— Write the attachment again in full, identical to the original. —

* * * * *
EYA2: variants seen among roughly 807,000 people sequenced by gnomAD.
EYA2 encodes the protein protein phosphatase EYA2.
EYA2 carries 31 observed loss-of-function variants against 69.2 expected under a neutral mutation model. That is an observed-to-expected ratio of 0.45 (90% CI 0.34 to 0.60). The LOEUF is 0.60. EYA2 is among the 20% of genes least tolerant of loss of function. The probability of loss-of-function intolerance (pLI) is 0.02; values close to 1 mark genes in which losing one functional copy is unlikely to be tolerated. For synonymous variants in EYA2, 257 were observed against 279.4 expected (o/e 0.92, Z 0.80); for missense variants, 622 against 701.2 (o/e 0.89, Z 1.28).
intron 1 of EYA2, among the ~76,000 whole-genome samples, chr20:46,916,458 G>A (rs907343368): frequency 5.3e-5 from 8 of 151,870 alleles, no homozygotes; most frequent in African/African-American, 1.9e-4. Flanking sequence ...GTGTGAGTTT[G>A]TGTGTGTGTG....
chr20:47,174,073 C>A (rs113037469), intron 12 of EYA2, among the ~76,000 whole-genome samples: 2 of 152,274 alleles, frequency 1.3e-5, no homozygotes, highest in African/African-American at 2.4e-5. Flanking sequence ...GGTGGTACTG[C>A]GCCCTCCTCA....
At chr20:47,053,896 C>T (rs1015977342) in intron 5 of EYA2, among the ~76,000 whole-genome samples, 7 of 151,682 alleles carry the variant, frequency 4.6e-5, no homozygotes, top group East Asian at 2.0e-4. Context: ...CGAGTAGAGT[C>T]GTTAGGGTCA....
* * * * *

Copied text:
EYA2: variants seen among roughly 807,000 people sequenced by gnomAD.
EYA2 encodes the protein protein phosphatase EYA2.
EYA2 carries 31 observed loss-of-function variants against 69.2 expected under a neutral mutation model. That is an observed-to-expected ratio of 0.45 (90% CI 0.34 to 0.60). The LOEUF is 0.60. EYA2 is among the 20% of genes least tolerant of loss of function. The probability of loss-of-function intolerance (pLI) is 0.02; values close to 1 mark genes in which losing one functional copy is unlikely to be tolerated. For synonymous variants in EYA2, 257 were observed against 279.4 expected (o/e 0.92, Z 0.80); for missense variants, 622 against 701.2 (o/e 0.89, Z 1.28).
intron 1 of EYA2, among the ~76,000 whole-genome samples, chr20:46,916,458 G>A (rs907343368): frequency 5.3e-5 from 8 of 151,870 alleles, no homozygotes; most frequent in African/African-American, 1.9e-4. Flanking sequence ...GTGTGAGTTT[G>A]TGTGTGTGTG....
chr20:47,174,073 C>A (rs113037469), intron 12 of EYA2, among the ~76,000 whole-genome samples: 2 of 152,274 alleles, frequency 1.3e-5, no homozygotes, highest in African/African-American at 2.4e-5. Flanking sequence ...GGTGGTACTG[C>A]GCCCTCCTCA....
At chr20:47,053,896 C>T (rs1015977342) in intron 5 of EYA2, among the ~76,000 whole-genome samples, 7 of 151,682 alleles carry the variant, frequency 4.6e-5, no homozygotes, top group East Asian at 2.0e-4. Context: ...CGAGTAGAGT[C>T]GTTAGGGTCA....